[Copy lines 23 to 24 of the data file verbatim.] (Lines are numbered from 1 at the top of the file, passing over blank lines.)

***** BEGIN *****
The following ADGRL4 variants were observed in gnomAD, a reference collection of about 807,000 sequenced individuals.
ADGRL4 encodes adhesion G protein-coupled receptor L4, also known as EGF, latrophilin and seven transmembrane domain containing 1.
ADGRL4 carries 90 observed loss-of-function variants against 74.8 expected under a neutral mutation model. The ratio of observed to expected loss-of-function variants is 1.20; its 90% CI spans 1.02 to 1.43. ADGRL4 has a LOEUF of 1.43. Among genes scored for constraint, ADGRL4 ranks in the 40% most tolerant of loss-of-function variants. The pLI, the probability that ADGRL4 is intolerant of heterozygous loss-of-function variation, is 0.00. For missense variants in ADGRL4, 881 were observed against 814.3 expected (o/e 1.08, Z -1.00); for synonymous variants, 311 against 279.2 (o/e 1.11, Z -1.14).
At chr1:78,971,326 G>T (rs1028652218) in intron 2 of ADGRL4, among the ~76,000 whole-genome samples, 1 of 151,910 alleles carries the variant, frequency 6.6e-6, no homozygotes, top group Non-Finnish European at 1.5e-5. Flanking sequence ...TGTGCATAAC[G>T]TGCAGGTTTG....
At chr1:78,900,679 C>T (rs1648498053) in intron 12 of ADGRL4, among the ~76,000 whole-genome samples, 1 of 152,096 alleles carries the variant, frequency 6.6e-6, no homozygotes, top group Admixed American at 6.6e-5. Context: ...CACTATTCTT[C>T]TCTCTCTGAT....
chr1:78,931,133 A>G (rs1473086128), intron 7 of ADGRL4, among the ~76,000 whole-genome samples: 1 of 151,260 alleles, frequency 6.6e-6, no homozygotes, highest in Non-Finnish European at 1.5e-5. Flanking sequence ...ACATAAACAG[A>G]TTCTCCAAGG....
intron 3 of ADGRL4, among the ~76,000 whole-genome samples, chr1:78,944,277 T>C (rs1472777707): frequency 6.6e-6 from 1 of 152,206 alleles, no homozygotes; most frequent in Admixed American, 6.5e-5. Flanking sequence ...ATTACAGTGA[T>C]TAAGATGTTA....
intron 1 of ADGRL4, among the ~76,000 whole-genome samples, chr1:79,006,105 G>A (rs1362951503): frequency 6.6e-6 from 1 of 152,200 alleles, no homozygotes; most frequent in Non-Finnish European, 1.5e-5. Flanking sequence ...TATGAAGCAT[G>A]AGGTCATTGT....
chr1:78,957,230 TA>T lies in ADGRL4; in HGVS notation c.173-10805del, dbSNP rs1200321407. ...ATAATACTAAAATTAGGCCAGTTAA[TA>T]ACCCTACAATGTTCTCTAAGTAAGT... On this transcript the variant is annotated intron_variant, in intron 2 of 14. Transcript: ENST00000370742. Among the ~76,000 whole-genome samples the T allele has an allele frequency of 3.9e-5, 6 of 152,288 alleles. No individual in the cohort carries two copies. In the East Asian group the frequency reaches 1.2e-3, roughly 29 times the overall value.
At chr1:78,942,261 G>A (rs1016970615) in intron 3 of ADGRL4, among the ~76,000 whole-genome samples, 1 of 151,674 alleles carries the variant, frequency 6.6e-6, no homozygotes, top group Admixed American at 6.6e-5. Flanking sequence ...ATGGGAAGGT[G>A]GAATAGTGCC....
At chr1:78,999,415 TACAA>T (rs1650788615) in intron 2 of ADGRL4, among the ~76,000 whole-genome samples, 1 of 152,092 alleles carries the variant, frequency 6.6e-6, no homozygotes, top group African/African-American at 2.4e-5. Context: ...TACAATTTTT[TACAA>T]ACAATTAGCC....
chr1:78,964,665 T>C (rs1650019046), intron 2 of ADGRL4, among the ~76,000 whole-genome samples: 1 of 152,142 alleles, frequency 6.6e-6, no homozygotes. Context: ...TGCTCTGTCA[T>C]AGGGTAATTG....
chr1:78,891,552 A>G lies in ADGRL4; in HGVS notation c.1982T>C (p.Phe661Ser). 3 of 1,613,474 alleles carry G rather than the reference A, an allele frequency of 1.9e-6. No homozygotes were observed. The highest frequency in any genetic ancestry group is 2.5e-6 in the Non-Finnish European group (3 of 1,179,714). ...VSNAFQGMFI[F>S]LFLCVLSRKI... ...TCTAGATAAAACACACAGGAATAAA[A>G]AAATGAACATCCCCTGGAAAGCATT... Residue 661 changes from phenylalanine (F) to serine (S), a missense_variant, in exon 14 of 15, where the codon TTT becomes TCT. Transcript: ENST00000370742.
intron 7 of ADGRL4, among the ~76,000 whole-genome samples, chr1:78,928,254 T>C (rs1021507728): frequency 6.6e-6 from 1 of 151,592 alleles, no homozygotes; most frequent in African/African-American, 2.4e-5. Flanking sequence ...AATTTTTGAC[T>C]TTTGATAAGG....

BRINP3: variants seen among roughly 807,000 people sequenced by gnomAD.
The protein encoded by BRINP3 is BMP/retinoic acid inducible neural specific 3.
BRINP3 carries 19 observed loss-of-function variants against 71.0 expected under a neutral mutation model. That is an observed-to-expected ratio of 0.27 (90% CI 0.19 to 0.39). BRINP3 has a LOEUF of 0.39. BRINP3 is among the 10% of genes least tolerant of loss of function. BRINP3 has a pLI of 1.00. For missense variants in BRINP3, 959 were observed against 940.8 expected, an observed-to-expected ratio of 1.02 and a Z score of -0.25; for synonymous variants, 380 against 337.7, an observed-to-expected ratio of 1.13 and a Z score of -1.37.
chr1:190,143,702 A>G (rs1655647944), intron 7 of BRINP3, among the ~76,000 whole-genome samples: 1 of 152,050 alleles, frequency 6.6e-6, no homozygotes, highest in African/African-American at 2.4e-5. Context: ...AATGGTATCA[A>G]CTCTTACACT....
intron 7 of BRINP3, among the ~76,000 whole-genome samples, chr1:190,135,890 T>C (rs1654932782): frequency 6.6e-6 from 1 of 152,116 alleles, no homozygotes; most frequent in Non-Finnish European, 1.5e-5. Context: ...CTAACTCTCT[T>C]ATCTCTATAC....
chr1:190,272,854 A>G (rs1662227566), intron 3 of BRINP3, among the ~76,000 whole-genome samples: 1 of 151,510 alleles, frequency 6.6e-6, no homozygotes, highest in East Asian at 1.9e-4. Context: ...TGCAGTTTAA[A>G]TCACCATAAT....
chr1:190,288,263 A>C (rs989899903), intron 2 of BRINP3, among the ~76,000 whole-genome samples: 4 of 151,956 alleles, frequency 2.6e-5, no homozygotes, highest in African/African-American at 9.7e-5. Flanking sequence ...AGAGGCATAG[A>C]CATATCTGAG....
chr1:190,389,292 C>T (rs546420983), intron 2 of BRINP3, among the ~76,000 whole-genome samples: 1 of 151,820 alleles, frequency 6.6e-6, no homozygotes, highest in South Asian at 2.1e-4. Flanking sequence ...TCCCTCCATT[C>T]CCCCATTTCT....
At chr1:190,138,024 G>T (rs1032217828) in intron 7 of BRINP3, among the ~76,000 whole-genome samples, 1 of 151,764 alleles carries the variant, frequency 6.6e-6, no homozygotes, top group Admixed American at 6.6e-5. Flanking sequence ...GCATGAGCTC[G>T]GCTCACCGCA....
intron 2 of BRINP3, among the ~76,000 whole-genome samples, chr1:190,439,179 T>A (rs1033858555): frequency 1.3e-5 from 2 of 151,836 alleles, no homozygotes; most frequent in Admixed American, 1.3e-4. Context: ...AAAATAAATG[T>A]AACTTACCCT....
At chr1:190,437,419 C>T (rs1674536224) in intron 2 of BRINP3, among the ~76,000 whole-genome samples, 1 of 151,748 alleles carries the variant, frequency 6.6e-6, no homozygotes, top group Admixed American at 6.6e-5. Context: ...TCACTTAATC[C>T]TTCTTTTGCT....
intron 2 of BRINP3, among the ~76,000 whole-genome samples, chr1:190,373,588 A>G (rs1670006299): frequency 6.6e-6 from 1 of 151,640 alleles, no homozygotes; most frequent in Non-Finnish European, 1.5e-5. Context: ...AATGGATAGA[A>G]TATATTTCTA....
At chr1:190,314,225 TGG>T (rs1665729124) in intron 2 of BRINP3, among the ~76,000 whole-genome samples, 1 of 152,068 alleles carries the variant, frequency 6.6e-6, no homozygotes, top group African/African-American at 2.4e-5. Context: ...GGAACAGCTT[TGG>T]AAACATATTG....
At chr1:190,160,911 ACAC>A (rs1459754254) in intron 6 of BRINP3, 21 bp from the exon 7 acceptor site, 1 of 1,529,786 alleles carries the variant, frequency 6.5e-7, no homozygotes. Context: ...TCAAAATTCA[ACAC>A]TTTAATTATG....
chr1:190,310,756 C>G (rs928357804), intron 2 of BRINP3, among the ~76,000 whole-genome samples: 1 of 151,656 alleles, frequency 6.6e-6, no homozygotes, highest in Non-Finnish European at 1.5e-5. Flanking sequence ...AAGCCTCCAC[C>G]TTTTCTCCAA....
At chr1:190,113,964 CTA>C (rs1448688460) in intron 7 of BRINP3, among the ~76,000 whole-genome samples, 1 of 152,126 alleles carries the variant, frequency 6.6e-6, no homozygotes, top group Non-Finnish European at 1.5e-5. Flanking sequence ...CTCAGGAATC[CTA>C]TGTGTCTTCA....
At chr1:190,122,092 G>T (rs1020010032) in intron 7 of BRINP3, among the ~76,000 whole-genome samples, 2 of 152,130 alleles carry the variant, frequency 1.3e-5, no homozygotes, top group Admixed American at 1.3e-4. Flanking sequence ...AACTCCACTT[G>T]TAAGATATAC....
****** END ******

At chr1:190,138,024 G>T (rs1032217828) in intron 7 of BRINP3, among the ~76,000 whole-genome samples, 1 of 151,764 alleles carries the variant, frequency 6.6e-6, no homozygotes, top group Admixed American at 6.6e-5. Flanking sequence ...GCATGAGCTC[G>T]GCTCACCGCA....
intron 2 of BRINP3, among the ~76,000 whole-genome samples, chr1:190,439,179 T>A (rs1033858555): frequency 1.3e-5 from 2 of 151,836 alleles, no homozygotes; most frequent in Admixed American, 1.3e-4. Context: ...AAAATAAATG[T>A]AACTTACCCT....